Now, if that sounded like a clear explaination from a normal person having a conversation, go ahead and get a wiring diagramme. If it read like incomprehensible geeky wibble- don't touch it.

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If everything is switched on a cooker can consume up to 11Kw. That is 50A. If you use only one phase you would need very thick wires. If you use 3 phase current every wire only needs to take 16A. More reasonable. 2.5mm² is sufficient.

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Metal are you sure about 360V? I thought the three wires were a three phase supply which if one phase is 230V makes the difference between the phases something like 400.

 

I just talked to Mr Metall about this, and did some digging.

I didn't remember correctly, Drehstrom/three phase current definitely is not 360 V.

It should be 400 V when you look at the formula, but I also found descriptions of Drehstrom with 380 V

Be it as it may, it's dangerous, is wired differently, and should not be trifled with by amateurs.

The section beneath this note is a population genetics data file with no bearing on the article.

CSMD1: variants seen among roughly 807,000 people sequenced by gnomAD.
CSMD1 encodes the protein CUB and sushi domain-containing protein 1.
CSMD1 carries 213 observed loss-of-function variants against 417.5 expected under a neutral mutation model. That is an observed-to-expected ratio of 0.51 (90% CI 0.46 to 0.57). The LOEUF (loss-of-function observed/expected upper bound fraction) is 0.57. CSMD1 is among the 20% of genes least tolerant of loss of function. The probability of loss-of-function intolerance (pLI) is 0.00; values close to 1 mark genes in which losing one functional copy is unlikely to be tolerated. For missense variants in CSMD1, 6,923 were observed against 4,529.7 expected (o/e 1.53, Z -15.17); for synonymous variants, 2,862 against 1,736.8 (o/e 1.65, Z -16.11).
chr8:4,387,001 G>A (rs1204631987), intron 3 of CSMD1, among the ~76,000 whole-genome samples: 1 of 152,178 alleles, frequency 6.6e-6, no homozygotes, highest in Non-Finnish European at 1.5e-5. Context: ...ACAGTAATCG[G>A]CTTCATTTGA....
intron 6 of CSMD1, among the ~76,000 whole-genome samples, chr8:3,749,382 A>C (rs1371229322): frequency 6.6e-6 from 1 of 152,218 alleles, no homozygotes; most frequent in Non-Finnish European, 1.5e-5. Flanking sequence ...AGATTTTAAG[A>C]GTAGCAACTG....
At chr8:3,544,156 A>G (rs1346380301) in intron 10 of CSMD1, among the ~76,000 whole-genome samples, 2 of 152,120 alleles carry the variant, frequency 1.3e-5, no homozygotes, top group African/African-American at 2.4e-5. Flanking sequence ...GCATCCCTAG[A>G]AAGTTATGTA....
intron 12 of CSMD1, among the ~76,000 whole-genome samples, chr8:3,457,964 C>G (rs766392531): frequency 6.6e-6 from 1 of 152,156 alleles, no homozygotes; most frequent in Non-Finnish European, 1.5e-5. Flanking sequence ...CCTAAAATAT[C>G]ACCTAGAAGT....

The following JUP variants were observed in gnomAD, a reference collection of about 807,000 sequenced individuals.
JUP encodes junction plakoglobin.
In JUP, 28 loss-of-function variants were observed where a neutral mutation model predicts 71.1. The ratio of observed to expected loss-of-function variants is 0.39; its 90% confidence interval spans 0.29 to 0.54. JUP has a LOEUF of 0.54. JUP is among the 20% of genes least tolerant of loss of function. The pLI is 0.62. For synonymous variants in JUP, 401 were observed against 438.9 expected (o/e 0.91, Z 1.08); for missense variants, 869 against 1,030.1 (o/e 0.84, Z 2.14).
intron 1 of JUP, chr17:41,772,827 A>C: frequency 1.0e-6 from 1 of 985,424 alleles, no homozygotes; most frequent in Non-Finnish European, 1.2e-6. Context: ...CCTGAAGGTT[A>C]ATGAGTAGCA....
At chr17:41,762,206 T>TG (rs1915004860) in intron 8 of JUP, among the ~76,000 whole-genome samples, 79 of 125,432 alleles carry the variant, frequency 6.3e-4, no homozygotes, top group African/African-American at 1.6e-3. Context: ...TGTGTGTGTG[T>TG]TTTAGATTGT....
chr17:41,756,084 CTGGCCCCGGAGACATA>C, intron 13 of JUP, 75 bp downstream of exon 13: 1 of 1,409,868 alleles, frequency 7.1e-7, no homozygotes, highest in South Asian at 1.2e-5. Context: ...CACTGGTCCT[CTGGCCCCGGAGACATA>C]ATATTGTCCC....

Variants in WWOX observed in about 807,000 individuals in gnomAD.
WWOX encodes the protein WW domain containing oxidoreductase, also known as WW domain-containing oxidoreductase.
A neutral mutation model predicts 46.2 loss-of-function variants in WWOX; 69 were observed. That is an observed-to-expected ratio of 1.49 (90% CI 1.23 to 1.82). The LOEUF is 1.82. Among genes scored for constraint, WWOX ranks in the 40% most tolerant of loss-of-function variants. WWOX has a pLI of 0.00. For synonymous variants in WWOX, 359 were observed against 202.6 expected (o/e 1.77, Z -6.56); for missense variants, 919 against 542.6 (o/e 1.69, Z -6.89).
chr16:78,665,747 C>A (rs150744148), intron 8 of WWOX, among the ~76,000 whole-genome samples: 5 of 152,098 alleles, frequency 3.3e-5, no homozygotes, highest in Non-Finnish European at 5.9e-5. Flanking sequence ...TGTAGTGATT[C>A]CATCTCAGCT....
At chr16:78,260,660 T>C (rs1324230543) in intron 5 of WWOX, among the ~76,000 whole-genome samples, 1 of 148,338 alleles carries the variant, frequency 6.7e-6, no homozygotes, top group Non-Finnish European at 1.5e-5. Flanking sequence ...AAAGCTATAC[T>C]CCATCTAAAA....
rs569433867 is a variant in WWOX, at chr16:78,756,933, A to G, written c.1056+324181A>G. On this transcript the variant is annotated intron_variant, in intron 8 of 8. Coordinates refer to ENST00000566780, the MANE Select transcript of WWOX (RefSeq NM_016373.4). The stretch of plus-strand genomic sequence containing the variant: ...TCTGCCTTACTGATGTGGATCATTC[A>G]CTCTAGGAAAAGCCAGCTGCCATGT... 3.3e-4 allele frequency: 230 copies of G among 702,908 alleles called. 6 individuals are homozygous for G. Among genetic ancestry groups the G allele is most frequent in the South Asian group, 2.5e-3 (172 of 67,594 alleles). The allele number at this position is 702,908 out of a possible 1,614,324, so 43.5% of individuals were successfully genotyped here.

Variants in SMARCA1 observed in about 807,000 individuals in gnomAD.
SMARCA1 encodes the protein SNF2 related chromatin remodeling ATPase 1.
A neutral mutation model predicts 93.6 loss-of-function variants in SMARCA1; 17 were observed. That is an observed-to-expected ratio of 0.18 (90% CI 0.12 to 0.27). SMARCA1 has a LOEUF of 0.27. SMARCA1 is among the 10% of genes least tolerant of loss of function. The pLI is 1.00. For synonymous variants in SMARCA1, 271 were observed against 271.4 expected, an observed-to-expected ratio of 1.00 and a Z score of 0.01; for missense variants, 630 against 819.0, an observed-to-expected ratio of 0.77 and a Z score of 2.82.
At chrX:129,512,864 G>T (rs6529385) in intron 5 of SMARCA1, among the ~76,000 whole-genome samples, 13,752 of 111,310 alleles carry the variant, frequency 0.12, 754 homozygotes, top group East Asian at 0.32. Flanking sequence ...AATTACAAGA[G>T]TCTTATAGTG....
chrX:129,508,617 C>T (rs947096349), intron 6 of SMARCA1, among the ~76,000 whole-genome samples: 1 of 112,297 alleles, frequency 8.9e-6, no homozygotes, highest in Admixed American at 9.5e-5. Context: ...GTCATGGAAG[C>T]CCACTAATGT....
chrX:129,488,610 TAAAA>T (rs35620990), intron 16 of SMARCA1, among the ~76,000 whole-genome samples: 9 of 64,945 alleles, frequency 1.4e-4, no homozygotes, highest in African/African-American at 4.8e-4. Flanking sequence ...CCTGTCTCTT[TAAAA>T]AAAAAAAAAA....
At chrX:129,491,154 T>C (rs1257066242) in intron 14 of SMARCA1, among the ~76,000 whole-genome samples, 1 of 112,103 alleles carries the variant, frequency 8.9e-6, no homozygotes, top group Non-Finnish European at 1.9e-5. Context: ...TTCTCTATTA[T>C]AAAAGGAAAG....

Be safe! ;)

 

Edit: OK, I found it.

European voltage used to be 220 V, and was raised in the 1980s to 230 V.

The formula for three phase current is: square root of 3 (about 1.73) times the single phase voltage:

200 V -> 380 V

230 V -> 400 V

 

Here's an interesting link (German only).

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Reason the light is twinkling is you have a live connected to the neutral on the stove. Some German homes the live is the black wire!

 

It is something as others have recommended you have done right, an earth fault on a wrongly wired appliance can kill. Having worked on appliances for years I have only been zapped despite checking most of the time by people who wire plugs or extension leads wrong!

I even saw an appliance that a divorced woman had asked me to check after she got a shock. If she had died they would probably have arrested her ex. He had not done the work but it could have been mistaken as a murder attempt.

 

You could also Google to see if the stove has a wiring diagram or you should find one on the back cover or inside the junction box on the back of the stove.

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If its an older apartment then its more than likely that the Neutral and earth are actually the same cable....

 

As for the Donaby comment about 3phase in homes..

 

In the UK, a Cooker connection is 32 amps and is required to have a dual PolIsolation switch.. Here in DE, the biggest trip switch you can get here is 16amp.. thats not enough for a cooker for it to work at its full capacity.